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Doody's Review ServiceReviewer: Mark Haas, MD, PhD (University of Chicago Pritzker School of Medicine)
Description: This is a comprehensive atlas of glomerular pathology, including light microscopic, immunofluorescence, and ultrastructural findings in a wide variety of common and rare diseases. Both primary renal diseases and systemic diseases involving the kidney are covered. This second edition contains more than 500 excellent quality illustrations (about 100 more than the first edition, published in 1982).
Purpose: The atlas is intended as a reference for both general pathologists and specialists in renal diseases. It aims to provide a classification of renal diseases based on morphology and, to a lesser extent, etiology, and both textual and illustrative descriptions of the morphologic features of both common and rare glomerular lesions. In general, these objects are met.
Audience: The book would appear to be most valuable for general pathologists and pathologists (or nephrologists) in training with limited experience with renal biopsies. Both the illustrations as well as tables provided for rapid review of different renal diseases make this book an excellent teaching and learning tool. Most experts in the area of renal pathology will appreciate the excellent illustrations of glomerular lesions that are seen only rarely even in busy renal pathology practices.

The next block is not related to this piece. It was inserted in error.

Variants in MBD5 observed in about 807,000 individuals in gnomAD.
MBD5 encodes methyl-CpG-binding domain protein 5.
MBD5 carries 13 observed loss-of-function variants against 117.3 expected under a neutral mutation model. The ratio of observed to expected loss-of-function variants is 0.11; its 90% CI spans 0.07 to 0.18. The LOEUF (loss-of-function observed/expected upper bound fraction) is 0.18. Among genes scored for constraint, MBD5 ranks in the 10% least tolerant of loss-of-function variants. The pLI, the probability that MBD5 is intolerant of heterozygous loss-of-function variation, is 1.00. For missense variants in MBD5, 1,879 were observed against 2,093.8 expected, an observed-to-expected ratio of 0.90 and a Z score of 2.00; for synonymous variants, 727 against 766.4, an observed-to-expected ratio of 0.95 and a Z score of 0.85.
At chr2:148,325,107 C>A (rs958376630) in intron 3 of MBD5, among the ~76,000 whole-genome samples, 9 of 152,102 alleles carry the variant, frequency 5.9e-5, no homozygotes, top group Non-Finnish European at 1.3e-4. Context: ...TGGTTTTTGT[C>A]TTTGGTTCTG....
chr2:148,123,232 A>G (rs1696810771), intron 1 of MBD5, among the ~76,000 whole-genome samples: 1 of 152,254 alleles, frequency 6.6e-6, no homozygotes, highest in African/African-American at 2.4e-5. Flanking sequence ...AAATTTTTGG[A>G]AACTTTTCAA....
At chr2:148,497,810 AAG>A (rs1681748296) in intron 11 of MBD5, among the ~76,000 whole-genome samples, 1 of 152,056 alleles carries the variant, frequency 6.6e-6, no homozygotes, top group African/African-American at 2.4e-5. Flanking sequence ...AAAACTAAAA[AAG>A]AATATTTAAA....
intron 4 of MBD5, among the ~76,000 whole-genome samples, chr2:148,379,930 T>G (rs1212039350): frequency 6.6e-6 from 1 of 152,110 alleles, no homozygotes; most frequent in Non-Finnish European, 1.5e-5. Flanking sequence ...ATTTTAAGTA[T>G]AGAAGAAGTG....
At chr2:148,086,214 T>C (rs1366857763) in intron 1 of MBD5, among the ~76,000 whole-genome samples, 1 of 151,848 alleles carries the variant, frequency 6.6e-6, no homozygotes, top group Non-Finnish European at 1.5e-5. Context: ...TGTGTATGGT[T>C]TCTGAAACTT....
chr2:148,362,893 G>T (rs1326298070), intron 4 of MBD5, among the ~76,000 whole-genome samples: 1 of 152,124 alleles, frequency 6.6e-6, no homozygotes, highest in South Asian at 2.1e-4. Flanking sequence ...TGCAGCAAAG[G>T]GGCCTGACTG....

Features: The major attraction of this atlas is the number and superb quality of the illustrations. There is also a useful set of tables at the start of the book defining the terms used and listing the main clinical and pathologic features of each disease covered. The book is organized into 20 sections, based on the authors' morphologic/etiologic classification of glomerular lesions. Each section begins with several pages of text describing the morphologic and (to a lesser extent) clinical features of the lesions illustrated on the ensuing pages. At the end of the book is a section on the processing of renal biopsies that would be of value to pathologists and laboratories who receive such specimens only infrequently. The reference list is quite limited, but relatively current.
Assessment: This atlas is an excellent reference for general pathologists who encounter renal biopsies only infrequently and an excellent learning tool for pathologists and nephrologists-in-training. Text portions of the book are somewhat more detailed than in the first edition, and illustrations have been updated to include more recently described lesions.